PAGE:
Happy Mother’s Day All AuDHD Moms!

A day for AuDHD moms to stand tall and be proud of fighting for their child’s best!

Becoming a parent was undeniably one of the most significant and defining moments in my life. From the day I became a mom 21 years ago, there has never been a doubt in my mind that this was when real life began. However, motherhood has certainly brought its share of challenges. 

I know I’m not alone in this, and that many of us neurodivergent women are especially challenged and criticized for our parental abilities. This is not just something I say. This is supported by both clinical experience and research.

Indeed, parents with ADHD often describe that they struggle more to be the parents their children need1.

And just like life, it’s never fair; because since NPF is hereditary, the risk (or chance!) that a mom with ADHD or autism will have a child with ADHD or autism is greater than for moms without a diagnosis.

Moms Do It All!

There are many wonderful fathers and men. I know this because I’m married to one. Unfortunately, according to a large European study that I and Professor Lisa Thorell at KI initiated during the pandemic. It seems more common than not, that the responsibility for the children in an NPF family is not equally shared2

Our study found that almost all the extra work-from-home schooling during school closures fell on the mothers3

And just by listening to our patient organizations. It’s clear that it doesn’t take an international pandemic or a national emergency for the lion’s share of family responsibilities for NPF children, to fall on the mothers.

From the First Cell, It’s All About the Mom!

Nature has arranged it so that we women are the ones who reap the fruits of love (or lust). This can be both an existential luxury (poor guys who never get to experience the incredible power of carrying and giving birth to a child).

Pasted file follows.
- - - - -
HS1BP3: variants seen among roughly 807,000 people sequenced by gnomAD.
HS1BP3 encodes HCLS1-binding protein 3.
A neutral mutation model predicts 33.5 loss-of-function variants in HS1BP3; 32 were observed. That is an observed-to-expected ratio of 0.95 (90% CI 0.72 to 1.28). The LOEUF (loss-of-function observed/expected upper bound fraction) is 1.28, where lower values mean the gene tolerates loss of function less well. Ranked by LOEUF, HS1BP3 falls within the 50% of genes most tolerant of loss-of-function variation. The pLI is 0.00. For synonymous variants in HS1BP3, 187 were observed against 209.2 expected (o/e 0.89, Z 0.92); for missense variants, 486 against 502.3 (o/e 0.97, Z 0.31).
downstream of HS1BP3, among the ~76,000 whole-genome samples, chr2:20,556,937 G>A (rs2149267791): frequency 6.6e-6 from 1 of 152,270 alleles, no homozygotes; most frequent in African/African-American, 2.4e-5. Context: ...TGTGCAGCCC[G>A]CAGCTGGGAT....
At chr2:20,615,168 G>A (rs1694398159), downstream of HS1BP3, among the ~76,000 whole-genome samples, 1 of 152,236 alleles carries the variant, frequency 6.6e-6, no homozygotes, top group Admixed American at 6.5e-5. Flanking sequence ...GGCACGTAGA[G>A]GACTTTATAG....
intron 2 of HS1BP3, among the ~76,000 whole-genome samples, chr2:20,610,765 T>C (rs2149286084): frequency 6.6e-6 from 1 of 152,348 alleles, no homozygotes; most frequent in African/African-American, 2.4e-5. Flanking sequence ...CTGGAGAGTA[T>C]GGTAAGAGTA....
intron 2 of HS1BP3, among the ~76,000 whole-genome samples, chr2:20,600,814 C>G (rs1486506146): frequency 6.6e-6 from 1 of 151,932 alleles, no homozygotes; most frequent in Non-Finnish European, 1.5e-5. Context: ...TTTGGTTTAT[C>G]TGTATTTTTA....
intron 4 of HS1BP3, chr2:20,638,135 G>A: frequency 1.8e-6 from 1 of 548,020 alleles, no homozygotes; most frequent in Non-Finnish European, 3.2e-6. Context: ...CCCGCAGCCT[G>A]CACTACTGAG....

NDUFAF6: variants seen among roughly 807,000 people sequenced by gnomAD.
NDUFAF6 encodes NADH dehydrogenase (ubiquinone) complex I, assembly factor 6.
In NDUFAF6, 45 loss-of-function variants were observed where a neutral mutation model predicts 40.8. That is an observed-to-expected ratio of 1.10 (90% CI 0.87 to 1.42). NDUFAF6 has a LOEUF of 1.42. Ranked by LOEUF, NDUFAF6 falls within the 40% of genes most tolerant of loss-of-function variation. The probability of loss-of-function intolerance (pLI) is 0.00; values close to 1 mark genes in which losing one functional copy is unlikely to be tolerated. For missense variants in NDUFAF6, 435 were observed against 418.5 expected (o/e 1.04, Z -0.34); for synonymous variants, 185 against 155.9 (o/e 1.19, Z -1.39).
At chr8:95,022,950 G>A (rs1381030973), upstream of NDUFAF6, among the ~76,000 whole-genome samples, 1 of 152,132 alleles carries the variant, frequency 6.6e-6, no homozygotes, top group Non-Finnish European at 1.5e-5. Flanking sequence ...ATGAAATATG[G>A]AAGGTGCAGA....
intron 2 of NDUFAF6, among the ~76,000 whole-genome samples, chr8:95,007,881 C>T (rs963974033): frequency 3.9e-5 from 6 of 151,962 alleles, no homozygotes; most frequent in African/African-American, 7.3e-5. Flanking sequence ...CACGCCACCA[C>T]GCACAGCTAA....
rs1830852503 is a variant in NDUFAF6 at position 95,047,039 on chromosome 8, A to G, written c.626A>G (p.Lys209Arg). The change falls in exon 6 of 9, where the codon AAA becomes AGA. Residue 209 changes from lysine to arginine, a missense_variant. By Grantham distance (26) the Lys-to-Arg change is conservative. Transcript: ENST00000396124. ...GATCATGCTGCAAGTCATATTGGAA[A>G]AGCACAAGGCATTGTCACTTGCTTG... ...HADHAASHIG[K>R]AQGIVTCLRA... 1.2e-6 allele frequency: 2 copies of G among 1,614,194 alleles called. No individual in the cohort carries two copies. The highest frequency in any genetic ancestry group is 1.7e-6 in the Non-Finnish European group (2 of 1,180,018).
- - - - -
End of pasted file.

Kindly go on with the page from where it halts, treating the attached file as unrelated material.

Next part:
And an evolutionary misfortune (it’s tough to run away from a tiger on the savannah when you’ve gained 60 pounds and are hobbling around with pelvic pain during your second twin pregnancy). 

That’s why I take our research on ADHD in girls and young women so seriously. Even though we don’t live in the savannah today, an unplanned pregnancy can create a psychosocial uphill battle for the rest of one’s life. 

Our research shows that young women with ADHD are six times more likely to become mothers while they are still children themselves.4

And if there’s anything that signifies a developed and thriving society. It’s the proportion of young women who get educated and can live an equal life.

Mom’s Job Is Not Over After Birth!

Pregnancy and the infant months are a hormonal drama in several acts. 

Pregnancy involves rising and, towards the end, sky-high levels of estrogen and progesterone. Some women feel great, others feel terrible. We don’t know why or who will feel which way. 

However, our research and others show that women with ADHD have more risk factors during their pregnancies. 

And are also more likely to give birth prematurely compared to women without ADHD5

Then, during birth, not only does the baby come out, but also the placenta. The one that has been responsible for all hormone production during pregnancy. Now, another hormone takes the lead: prolactin, which is responsible for milk production for breastfeeding. 

We have also shown that mothers with ADHD are at higher risk of experiencing postpartum depression and anxiety throughout the first year with the baby6

Since the initial period with a newborn is stressful and filled with uncertainty, regardless of whether one has ADHD or not. It can be very difficult for both the mother and those around her to recognize the signs of depression. Something that risks harming both the attachment to the newborn and the well-being of the new mother and the entire family. 

Despite the availability of effective help for postpartum depression, many struggle alone with their “forbidden feelings” without seeking help.

That’s exactly how MrsHyper so vividly describes her experience in her latest blog post blog post [In Swedish]

Combat the Stigma of Being an NPF Mom!

Even though discussions about mental health are more open today than ever before. Many of us women with ADHD and autism still struggle with the shame and fear of being judged because of our difficulties, challenges or diagnoses. 

Here, we can all work to change the landscape for the support and understanding that NPF moms need to cope. 

And if you ever doubt yourself as a parent. Remember that it’s always better to have a mom with an ADHD or autism diagnosis. Than a mom with ADHD or autism who doesn’t understand her challenges.